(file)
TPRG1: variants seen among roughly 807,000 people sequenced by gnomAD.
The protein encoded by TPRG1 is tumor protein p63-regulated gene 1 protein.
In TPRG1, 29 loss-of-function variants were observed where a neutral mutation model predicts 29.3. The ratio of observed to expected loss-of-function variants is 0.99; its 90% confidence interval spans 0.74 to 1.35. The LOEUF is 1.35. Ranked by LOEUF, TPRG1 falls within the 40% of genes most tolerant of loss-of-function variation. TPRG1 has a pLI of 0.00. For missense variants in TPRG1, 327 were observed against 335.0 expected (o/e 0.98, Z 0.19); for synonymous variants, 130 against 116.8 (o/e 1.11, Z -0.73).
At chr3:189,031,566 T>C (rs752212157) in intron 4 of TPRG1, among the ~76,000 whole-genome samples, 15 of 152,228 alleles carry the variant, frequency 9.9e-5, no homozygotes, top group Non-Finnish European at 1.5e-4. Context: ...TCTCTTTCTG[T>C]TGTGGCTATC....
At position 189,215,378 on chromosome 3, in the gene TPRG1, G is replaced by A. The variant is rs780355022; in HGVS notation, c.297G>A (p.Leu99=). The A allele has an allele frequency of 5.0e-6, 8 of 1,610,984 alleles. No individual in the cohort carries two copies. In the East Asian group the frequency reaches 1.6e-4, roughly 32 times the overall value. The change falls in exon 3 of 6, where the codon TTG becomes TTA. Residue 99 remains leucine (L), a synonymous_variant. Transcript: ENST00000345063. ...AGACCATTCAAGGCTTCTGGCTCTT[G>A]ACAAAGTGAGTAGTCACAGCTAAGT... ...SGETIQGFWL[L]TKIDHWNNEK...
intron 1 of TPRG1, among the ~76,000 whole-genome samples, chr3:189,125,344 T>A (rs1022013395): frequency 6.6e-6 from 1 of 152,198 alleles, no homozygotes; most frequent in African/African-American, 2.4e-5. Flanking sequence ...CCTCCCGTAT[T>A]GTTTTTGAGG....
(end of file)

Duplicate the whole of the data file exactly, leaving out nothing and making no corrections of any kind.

TPRG1: variants seen among roughly 807,000 people sequenced by gnomAD.
The protein encoded by TPRG1 is tumor protein p63-regulated gene 1 protein.
In TPRG1, 29 loss-of-function variants were observed where a neutral mutation model predicts 29.3. The ratio of observed to expected loss-of-function variants is 0.99; its 90% confidence interval spans 0.74 to 1.35. The LOEUF is 1.35. Ranked by LOEUF, TPRG1 falls within the 40% of genes most tolerant of loss-of-function variation. TPRG1 has a pLI of 0.00. For missense variants in TPRG1, 327 were observed against 335.0 expected (o/e 0.98, Z 0.19); for synonymous variants, 130 against 116.8 (o/e 1.11, Z -0.73).
At chr3:189,031,566 T>C (rs752212157) in intron 4 of TPRG1, among the ~76,000 whole-genome samples, 15 of 152,228 alleles carry the variant, frequency 9.9e-5, no homozygotes, top group Non-Finnish European at 1.5e-4. Context: ...TCTCTTTCTG[T>C]TGTGGCTATC....
At position 189,215,378 on chromosome 3, in the gene TPRG1, G is replaced by A. The variant is rs780355022; in HGVS notation, c.297G>A (p.Leu99=). The A allele has an allele frequency of 5.0e-6, 8 of 1,610,984 alleles. No individual in the cohort carries two copies. In the East Asian group the frequency reaches 1.6e-4, roughly 32 times the overall value. The change falls in exon 3 of 6, where the codon TTG becomes TTA. Residue 99 remains leucine (L), a synonymous_variant. Transcript: ENST00000345063. ...AGACCATTCAAGGCTTCTGGCTCTT[G>A]ACAAAGTGAGTAGTCACAGCTAAGT... ...SGETIQGFWL[L]TKIDHWNNEK...
intron 1 of TPRG1, among the ~76,000 whole-genome samples, chr3:189,125,344 T>A (rs1022013395): frequency 6.6e-6 from 1 of 152,198 alleles, no homozygotes; most frequent in African/African-American, 2.4e-5. Flanking sequence ...CCTCCCGTAT[T>A]GTTTTTGAGG....